Meet Reed Hastings, the man who built Netflix

Netflix is one of the greatest underdog success stories at the crossroads of technology and television.

What started as a DVD-by-mail rental service has now spawned a slew of award-winning original television series, made available over 100 million hours of content, and virtually redefined what it means to watch, and create, TV in 2015.

While CEO and founder Reed Hastings is a prominent member of the Silicon Valley tech community, he’s largely elusive to the general public.

Scroll through to learn about the man who built the $US47 billion online streaming service.

Reed Hastings was born in Boston, Massachusetts on October 8, 1960, to Joan and Wilmot Hastings. His father was a lawyer who later worked for the Nixon Administration.

Facebook/Reed Hastings

Source: Vanity Fair

After college, he joined the Peace Corps to teach high school maths for two years in Swaziland, an experience he's called 'a combination of service and adventure.'

Screenshot via CBS

Source: Inc. Magazine, Vanity Fair

After returning to the States, Hastings earned his master's in artificial intelligence at Stanford. He credits the school with turning him on to the entrepreneurial model. Interestingly enough, Stanford's graduate school of business named Netflix the 2014 Entrepreneurial Company of the Year.

YouTube/Stanford Graduate School of Business

Source: Stanford Business

In 1991, Hastings founded Pure Software, which developed a debugging tool for engineers. The company reportedly doubled its revenue every year and Hastings soon moved from his position as an engineer to CEO (although he now admits there were major hiccups in his managerial style).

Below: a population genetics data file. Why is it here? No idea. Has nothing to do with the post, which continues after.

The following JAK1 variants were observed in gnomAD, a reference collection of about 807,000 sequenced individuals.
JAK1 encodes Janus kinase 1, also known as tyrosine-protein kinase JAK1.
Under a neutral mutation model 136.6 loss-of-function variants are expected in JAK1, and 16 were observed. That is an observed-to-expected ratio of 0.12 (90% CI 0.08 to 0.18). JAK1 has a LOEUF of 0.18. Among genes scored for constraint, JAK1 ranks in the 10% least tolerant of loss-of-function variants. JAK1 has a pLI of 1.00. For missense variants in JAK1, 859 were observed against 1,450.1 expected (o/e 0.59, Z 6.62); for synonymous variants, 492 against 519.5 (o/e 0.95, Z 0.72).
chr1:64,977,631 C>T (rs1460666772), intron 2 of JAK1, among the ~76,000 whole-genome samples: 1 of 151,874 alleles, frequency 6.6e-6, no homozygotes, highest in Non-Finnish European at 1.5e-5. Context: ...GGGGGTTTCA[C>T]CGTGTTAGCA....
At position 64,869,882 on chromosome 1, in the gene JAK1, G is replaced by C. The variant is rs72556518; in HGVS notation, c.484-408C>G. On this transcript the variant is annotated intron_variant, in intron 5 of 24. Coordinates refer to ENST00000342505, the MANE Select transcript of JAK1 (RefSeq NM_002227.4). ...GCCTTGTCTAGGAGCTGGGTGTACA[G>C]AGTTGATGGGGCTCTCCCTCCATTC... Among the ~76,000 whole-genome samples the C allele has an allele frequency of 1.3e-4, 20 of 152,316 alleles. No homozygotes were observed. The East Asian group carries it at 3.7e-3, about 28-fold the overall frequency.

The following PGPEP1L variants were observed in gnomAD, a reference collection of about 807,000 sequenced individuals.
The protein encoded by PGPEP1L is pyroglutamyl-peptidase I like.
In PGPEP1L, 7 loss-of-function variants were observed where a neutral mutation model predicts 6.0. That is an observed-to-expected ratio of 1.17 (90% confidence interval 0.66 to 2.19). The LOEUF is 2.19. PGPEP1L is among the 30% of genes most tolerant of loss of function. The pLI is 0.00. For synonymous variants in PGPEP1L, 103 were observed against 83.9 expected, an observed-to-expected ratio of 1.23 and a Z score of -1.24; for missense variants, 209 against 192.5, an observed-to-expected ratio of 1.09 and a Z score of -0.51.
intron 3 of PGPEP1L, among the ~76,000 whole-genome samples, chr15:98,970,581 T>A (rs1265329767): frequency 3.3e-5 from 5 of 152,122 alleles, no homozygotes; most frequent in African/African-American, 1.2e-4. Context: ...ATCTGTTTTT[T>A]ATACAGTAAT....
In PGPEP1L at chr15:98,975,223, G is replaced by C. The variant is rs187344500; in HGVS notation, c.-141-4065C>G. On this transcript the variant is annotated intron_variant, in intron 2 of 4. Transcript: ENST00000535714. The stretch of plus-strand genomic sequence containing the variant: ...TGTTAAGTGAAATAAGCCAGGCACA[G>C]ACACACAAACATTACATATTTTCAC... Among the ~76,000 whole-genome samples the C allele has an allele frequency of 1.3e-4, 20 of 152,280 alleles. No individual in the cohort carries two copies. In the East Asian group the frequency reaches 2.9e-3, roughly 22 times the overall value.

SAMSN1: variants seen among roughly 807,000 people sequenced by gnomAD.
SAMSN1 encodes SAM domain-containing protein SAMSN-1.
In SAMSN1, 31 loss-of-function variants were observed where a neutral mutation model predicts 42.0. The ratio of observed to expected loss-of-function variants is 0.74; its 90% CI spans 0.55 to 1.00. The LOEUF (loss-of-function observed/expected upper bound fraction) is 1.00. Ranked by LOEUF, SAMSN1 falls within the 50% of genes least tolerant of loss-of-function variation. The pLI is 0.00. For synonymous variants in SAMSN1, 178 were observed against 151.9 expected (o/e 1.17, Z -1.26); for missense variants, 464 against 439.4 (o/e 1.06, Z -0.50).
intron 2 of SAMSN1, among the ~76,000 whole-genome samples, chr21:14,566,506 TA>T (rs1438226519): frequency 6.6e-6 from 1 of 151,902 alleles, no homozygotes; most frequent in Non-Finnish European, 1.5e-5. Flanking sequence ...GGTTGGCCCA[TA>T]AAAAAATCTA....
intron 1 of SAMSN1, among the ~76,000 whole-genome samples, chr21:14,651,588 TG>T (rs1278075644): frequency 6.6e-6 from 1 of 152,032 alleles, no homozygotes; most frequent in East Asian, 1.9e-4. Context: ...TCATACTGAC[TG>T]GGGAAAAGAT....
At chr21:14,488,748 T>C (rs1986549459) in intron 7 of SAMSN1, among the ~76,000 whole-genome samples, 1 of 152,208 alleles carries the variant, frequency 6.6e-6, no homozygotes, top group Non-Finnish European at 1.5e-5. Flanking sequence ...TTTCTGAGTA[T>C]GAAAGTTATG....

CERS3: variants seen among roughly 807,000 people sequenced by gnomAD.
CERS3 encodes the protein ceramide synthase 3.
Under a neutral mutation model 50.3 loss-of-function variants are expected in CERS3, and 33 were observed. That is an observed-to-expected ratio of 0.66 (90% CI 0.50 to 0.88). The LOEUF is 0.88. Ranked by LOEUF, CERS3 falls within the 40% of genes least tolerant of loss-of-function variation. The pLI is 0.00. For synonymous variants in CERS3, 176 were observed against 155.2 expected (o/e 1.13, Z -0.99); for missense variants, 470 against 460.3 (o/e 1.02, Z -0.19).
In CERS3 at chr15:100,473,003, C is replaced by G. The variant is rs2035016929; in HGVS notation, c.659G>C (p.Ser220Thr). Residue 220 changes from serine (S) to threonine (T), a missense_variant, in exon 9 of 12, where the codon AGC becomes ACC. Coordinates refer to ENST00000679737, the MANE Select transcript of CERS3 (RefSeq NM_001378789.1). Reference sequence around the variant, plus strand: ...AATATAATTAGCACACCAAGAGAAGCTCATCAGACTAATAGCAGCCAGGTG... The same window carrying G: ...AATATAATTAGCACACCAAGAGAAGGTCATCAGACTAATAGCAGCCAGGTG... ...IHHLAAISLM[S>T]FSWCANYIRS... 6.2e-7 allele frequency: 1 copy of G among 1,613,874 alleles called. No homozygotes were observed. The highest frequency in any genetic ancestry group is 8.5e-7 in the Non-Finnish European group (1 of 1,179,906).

Screenshot via CBS

Source: Inc. Magazine

Ironically, Hastings offered to sell forty-nine per cent of Netflix to Blockbuster in 2000 to act as an online arm for the video-rental giant. Blockbuster turned them down and Hastings returned home to promote Netflix as the rental underdog.

Blockbuster screenshot

Source: The New Yorker

In 2013, Hastings moved Netflix into uncharted territory when it premiered its first original television series, 'House of Cards.' The show was nominated for a staggering nine Primetime Emmy awards and went on to win three -- rivaling a number of traditional shows. By the end of that year, Netflix's stock had tripled in value.


Source: IMDb, The New Yorker

In August 2015, Netflix announced unlimited maternity and paternity leave for its employees, paving the way for forward-thinking companies to follow suit. The forward-thinking company already offered unlimited vacation for its employees.

Getty Images Latam

Source: Business Insider

Netflix's leading man is not only paving the way for the future of television, he's also a staunch advocate for education reform in California. Hastings served as President of the California State Board of Education from 2001 to 2004 where he lobbied for charter schools. Last year, he was the Keynote Speaker at the 2014 Annual CA Charter Schools Conference.

YouTube/California Charter Schools Association

Source: Wall Street Journal, Washington Post

In December 2013, Hastings and John Doerr, of venture capitalist firm Kleiner Perkins, invested a combined $14.5 million in DreamBox Learning, an online maths program for elementary and middle school students.

Michael Kovac/Getty
Reed Hastings speaks during 'The State of Digital Education' onstage at the Vanity Fair New Establishment Summit at Yerba Buena Center for the Arts in October 2014.

Source: Vanity Fair

Today, Hastings's net worth is $1.54 billion according to Forbes, most of which is tied to Netflix stock.

Elizabeth Fuentes/Getty

Source: Forbes

Outside of Netflix, he's a board member on a handful of organisations, including Facebook since 2011, and is still active in education philanthropy. According to his Facebook page, he also enjoys trips to Monterey with friends and family and is close with the Zuckerbergs.

Facebook/Reed Hastings

Source: LinkedIn

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